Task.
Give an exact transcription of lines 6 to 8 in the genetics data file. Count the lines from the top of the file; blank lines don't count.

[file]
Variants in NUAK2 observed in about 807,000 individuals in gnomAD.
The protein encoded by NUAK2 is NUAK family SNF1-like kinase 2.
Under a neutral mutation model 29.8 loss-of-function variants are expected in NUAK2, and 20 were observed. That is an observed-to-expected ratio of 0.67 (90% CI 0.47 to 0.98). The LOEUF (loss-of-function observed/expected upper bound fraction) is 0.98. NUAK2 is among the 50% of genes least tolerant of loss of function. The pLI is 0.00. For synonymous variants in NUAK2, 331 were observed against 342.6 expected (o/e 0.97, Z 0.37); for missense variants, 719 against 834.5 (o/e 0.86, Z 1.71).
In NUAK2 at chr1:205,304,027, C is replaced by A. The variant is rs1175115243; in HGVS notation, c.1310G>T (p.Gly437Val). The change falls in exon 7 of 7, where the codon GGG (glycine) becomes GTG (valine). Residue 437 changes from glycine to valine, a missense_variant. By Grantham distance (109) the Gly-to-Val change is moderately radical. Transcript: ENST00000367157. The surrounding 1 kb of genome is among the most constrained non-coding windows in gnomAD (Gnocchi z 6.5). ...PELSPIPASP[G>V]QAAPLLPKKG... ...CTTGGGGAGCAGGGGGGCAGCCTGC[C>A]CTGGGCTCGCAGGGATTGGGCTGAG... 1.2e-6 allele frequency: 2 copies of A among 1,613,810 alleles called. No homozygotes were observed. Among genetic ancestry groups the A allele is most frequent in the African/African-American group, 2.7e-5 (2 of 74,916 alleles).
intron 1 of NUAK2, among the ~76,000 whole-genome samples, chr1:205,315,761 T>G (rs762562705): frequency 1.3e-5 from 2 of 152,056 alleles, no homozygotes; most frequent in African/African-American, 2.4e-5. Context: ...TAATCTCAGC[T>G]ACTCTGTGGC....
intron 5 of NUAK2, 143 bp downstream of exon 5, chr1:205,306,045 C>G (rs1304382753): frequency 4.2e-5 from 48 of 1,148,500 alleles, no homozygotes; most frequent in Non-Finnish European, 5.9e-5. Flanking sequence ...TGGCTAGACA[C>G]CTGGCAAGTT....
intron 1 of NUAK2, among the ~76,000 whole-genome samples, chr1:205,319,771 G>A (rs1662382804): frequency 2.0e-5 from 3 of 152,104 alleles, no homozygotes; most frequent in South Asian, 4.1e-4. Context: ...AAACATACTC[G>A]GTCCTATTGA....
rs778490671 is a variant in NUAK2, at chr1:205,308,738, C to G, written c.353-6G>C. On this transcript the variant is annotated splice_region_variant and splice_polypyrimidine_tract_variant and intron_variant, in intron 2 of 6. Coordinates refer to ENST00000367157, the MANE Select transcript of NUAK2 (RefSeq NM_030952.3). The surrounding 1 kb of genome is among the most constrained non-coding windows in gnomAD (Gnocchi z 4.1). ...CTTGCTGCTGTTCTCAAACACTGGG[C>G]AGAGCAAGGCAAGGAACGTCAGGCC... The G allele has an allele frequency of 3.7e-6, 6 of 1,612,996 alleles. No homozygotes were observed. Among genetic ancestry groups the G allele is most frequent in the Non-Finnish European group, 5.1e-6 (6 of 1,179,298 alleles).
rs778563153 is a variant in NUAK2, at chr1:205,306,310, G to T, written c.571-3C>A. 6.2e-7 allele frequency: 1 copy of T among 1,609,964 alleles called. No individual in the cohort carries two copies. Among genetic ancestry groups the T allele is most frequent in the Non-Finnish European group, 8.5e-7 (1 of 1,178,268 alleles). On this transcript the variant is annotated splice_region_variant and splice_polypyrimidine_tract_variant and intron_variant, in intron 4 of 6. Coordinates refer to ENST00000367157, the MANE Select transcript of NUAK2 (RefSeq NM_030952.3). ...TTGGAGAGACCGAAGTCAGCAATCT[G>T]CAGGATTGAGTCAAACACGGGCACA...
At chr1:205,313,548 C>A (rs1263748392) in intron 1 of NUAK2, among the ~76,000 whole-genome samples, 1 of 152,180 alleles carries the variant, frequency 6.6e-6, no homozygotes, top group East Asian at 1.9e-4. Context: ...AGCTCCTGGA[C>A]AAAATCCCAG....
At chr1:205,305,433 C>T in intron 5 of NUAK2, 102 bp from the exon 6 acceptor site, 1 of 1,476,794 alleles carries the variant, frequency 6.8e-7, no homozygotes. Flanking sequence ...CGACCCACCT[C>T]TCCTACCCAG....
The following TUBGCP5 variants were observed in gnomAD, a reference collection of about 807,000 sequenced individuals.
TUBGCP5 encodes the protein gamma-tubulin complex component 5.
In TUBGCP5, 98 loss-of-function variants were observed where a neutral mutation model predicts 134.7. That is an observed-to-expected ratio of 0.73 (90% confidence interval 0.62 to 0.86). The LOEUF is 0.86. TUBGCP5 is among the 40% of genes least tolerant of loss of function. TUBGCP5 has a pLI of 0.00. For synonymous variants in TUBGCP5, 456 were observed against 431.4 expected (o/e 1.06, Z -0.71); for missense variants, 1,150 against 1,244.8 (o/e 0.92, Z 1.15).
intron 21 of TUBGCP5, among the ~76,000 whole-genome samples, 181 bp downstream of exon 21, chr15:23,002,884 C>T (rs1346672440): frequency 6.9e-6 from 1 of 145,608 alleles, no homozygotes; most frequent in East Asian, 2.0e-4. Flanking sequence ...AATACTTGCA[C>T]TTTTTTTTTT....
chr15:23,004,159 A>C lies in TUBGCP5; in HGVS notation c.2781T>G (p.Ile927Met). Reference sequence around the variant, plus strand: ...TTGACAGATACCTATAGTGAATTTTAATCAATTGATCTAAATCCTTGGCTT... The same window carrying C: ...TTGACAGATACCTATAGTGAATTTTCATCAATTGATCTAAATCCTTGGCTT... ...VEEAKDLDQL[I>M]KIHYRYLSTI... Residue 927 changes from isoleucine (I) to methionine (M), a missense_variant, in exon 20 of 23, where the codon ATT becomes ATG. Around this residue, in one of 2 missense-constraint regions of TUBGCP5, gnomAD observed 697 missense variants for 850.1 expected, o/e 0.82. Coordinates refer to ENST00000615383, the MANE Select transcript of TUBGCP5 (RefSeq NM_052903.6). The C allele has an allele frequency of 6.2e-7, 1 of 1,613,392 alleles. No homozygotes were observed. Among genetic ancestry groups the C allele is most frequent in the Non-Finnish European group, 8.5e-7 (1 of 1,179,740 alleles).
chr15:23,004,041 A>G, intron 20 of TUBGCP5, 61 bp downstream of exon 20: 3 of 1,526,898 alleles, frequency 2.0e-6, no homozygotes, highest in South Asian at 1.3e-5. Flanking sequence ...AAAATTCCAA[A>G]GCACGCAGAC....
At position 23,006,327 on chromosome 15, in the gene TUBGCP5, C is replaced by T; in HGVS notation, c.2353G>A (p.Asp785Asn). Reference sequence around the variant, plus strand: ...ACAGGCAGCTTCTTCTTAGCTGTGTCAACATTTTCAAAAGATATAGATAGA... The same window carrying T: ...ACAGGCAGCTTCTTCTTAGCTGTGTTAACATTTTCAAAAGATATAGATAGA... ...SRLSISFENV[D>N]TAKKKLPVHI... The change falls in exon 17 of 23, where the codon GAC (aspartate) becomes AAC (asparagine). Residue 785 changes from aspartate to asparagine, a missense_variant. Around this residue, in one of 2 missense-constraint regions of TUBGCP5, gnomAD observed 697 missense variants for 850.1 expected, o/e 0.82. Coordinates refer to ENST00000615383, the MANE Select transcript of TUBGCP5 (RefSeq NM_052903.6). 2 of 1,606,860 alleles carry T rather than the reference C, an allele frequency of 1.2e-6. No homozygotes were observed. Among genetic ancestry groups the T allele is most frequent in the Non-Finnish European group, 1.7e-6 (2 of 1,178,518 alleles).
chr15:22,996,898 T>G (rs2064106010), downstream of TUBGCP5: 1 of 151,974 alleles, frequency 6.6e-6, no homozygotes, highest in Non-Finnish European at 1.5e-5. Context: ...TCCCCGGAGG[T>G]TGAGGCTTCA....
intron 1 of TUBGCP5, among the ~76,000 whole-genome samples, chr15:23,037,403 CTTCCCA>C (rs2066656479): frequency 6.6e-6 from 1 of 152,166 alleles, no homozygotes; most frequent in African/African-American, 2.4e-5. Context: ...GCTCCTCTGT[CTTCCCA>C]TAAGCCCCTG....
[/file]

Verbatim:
intron 5 of NUAK2, 143 bp downstream of exon 5, chr1:205,306,045 C>G (rs1304382753): frequency 4.2e-5 from 48 of 1,148,500 alleles, no homozygotes; most frequent in Non-Finnish European, 5.9e-5. Flanking sequence ...TGGCTAGACA[C>G]CTGGCAAGTT....
intron 1 of NUAK2, among the ~76,000 whole-genome samples, chr1:205,319,771 G>A (rs1662382804): frequency 2.0e-5 from 3 of 152,104 alleles, no homozygotes; most frequent in South Asian, 4.1e-4. Context: ...AAACATACTC[G>A]GTCCTATTGA....
rs778490671 is a variant in NUAK2, at chr1:205,308,738, C to G, written c.353-6G>C. On this transcript the variant is annotated splice_region_variant and splice_polypyrimidine_tract_variant and intron_variant, in intron 2 of 6. Coordinates refer to ENST00000367157, the MANE Select transcript of NUAK2 (RefSeq NM_030952.3). The surrounding 1 kb of genome is among the most constrained non-coding windows in gnomAD (Gnocchi z 4.1). ...CTTGCTGCTGTTCTCAAACACTGGG[C>G]AGAGCAAGGCAAGGAACGTCAGGCC... The G allele has an allele frequency of 3.7e-6, 6 of 1,612,996 alleles. No homozygotes were observed. Among genetic ancestry groups the G allele is most frequent in the Non-Finnish European group, 5.1e-6 (6 of 1,179,298 alleles).